WINNER: “Hadestown” — Reeve Carney, André De Shields, Amber Gray, Eva Noblezada & Patrick Page, principal soloists; Mara Isaacs, David Lai, Anaïs Mitchell & Todd Sickafoose, producers (Anaïs Mitchell, composer & lyricist) (Original Broadway Cast)

“Moulin Rouge! The Musical” — Danny Burstein, Tam Mutu, Sahr Ngaujah, Karen Olivo & Aaron Tveit, principal soloists; Justin Levine, Baz Luhrmann, Matt Stine & Alex Timbers, producers (Original Broadway Cast)

“The Music Of Harry Potter And The Cursed Child” – In Four Contemporary Suites — Imogen Heap, producer; Imogen Heap, composer (Imogen Heap)

“Oklahoma!” — Damon Daunno, Rebecca Naomi Jones, Ali Stroker, Mary Testa & Patrick Vaill, principal soloists; Daniel Kluger & Dean Sharenow, producers (Richard Rodgers, composer; Oscar Hammerstein II, lyricist) (2019 Broadway Cast)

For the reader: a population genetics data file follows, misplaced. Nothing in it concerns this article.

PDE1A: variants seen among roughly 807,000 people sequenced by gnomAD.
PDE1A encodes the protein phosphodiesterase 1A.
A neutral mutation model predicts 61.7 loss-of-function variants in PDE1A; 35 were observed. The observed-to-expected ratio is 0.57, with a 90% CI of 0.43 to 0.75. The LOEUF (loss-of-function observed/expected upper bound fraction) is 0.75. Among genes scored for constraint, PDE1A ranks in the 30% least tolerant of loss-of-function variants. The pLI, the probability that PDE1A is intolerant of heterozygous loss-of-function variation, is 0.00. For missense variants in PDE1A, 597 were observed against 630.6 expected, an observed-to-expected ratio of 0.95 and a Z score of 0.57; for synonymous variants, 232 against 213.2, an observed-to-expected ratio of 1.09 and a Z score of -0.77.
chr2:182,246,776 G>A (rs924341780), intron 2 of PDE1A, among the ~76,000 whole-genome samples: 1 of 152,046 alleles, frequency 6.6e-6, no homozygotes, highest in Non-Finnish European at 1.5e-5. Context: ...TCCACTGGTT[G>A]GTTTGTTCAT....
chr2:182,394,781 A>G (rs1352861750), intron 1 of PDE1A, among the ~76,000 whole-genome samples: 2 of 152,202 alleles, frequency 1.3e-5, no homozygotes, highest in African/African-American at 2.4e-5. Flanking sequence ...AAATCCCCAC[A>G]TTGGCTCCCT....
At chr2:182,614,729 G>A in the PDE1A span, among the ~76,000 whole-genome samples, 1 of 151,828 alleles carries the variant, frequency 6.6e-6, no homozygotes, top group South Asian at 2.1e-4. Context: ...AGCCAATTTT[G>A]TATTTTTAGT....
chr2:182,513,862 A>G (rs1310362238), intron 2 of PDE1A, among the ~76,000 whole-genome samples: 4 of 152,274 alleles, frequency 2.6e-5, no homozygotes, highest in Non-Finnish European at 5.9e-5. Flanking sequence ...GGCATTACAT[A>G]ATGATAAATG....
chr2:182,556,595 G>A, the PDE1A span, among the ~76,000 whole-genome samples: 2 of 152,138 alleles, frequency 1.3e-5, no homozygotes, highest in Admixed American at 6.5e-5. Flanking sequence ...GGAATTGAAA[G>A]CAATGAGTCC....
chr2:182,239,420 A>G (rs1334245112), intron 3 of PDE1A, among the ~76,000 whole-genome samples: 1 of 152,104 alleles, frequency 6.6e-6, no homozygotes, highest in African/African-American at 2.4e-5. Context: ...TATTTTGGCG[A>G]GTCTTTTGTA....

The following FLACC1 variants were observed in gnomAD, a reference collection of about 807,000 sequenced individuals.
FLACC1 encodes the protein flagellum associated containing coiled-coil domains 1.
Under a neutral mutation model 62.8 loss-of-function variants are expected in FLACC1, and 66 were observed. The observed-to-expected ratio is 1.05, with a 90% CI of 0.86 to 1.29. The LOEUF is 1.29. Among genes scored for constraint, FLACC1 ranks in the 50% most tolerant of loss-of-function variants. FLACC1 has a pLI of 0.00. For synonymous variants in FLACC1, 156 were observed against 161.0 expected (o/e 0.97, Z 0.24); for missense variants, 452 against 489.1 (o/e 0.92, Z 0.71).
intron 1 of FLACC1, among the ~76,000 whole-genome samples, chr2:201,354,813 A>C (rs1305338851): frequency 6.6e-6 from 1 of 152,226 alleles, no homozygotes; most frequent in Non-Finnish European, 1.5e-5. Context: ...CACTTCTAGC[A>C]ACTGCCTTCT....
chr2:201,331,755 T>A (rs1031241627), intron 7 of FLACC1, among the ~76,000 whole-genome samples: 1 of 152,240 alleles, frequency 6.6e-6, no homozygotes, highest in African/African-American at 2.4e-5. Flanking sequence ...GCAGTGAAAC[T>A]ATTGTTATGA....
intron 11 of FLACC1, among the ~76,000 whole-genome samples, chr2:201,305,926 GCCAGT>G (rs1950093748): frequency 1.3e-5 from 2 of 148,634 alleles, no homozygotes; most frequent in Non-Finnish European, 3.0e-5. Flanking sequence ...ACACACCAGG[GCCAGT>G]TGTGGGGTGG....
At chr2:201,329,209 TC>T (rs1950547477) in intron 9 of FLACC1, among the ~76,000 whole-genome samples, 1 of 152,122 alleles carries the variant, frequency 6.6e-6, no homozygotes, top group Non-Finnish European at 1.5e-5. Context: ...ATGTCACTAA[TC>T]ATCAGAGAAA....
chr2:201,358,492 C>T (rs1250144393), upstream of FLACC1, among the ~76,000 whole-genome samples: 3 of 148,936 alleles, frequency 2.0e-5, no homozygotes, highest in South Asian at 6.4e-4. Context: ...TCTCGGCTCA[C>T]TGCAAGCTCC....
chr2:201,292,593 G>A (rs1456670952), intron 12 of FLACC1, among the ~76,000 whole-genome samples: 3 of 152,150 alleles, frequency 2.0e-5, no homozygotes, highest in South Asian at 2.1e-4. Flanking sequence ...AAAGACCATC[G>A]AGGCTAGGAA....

Best Compilation Soundtrack For Visual Media:

“The Lion King: The Songs”— (Various Artists)

“Quentin Tarantino’s Once Upon A Time In Hollywood” — (Various Artists)

“Rocketman” — Taron Egerton

“Spider-man: Into The Spider-Verse” — (Various Artists)

WINNER: “A Star Is Born” — Lady Gaga & Bradley Cooper

Best Score Soundtrack For Visual Media:

“Avengers: Endgame” — Alan Silvestri, composer

WINNER: ”Chernobyl” — Hildur Guðnadóttir, composer

”Game Of Thrones: Season 8″ — Ramin Djawadi, composer

“The Lion King” — Hans Zimmer, composer

“Mary Poppins Returns” — Marc Shaiman, composer

Best Song Written For Visual Media:

“The Ballad Of The Lonesome Cowboy” — Randy Newman, songwriter (Chris Stapleton); Track from: “Toy Story 4”

“Girl In The Movies” — Dolly Parton & Linda Perry, songwriters (Dolly Parton); Track from: “Dumplin’”

WINNER: “I’ll Never Love Again (Film Version)” — Natalie Hemby, Lady Gaga, Hillary Lindsey & Aaron Raitiere, songwriters (Lady Gaga & Bradley Cooper); Track from: A Star Is Born